Ivory Coast vows tough response to disaster

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ABIDJAN, March 31 – Ivorian authorities vowed Monday to punish those responsible for the Abidjan stadium stampede that killed at least 19 fans before the national team played a World Cup qualifying match.IVORY_COAST_FANSMore than 130 were injured in the chaos outside the 35,000-capacity stadium before Ivory Coast played against Malawi in a game that featured several stars from big European clubs, including Chelsea striker Didier Drogba.

"Those responsible will be located very quickly and I am sure that sanctions will be taken," Ivorian Football Federation president Jacques Anouma told state television after attending a government crisis meeting.

Prime Minister Guillaume Soro called together top ministers, police and sports authorities to discuss the government’s response to Sunday’s deadly crush, amid accusations that the huge crowd was swelled by non-ticket holders who had bribed their way past security at the Houphouet-Boigny stadium.

Anouma said he was compiling a detailed report demanded by world football body FIFA.

Stewards working in and around the stadium said fans, desperate to see their European-based idols, forced their way through the gates and tumbled down the steps of the terracing inside to be crushed by those behind.

Many of the supporters had tickets and were angry at being refused entry, witnesses said, saying that the security forces had taken bribes to let many ticketless people into the match.

Many casualties were treated at the stadium as the match, attended by President Laurent Gbagbo, went ahead and the worst injured were taken to the Treichville hospital in Abidjan and a military hospital.

The west African country’s newspapers raised questions on Monday over why the match was allowed to continue as the disaster unfolded in the stands.

At least six of the injured were in a serious condition in hospital on Monday, the health ministry said.

Drogba decried the stampede as a "national drama" on Monday and said players did not know what happened until after the match.

"We only learned about it in the evening after the match," said the Chelsea striker, who scored twice in the home side’s 5-0 win.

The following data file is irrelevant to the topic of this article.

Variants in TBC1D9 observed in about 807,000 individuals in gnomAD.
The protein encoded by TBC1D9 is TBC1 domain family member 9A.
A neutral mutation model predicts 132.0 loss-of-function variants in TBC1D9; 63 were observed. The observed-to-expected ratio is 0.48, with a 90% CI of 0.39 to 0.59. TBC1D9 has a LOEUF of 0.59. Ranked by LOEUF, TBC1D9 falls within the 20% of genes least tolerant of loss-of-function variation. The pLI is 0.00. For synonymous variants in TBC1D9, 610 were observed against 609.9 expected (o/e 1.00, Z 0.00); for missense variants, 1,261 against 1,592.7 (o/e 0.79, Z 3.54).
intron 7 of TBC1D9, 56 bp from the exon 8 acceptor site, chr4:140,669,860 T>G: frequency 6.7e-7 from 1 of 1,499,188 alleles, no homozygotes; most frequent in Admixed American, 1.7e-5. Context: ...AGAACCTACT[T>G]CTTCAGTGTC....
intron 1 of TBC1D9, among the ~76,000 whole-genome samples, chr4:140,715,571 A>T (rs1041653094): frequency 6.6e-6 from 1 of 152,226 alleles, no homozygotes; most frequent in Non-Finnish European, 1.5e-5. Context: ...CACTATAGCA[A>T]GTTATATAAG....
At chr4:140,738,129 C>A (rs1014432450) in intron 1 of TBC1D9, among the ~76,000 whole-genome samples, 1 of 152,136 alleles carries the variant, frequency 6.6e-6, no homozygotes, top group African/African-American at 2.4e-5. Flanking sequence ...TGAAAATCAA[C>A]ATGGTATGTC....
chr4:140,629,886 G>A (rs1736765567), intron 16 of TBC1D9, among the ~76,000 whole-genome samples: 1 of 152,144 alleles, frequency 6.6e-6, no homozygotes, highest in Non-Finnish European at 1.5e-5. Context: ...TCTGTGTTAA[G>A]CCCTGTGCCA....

"We were shocked, stunned, when we found out there were deaths. We had difficulty understanding what had happened."

The 31-year-old striker said those responsible should be identified and lessons must be learned from the tragedy because "these are the kinds of things that are harming the development of football in Africa."

Meanwhile the families of the victims had the grim task of recovering the bodies of their loved ones from Abidjan’s main morgue.

A tearful Lassana Toure and his wife Mariam arrived at the mortuary to recover the body of his 17-year-old son Aboubacar.

"He told me he was going to support the Elephants, and he never came back," said a sobbing Toure, referring to the national team’s nickname.

The recently renovated stadium has an official capacity of 35,000 but was packed with fans eager to see Ivory Coast’s European-based stars such as Drogba and Salomon Kalou of Chelsea and Kolo Toure and Emmanuel Eboue of Arsenal.

Hundreds of people have been killed in stadium riots and stampedes in Africa over the last decade.

A top World Cup official said measures will be in place at next year’s tournament in South Africa to prevent stampedes like that in Abidjan.

Officials will launch a major spectator education campaign to ensure that fans get to the games early, said Danny Jordaan, the head of the 2010 FIFA World Cup Organising Committee South Africa, in a statement.

"The gates will open three hours before the matches kick-off and this is when fans will be expected to arrive."

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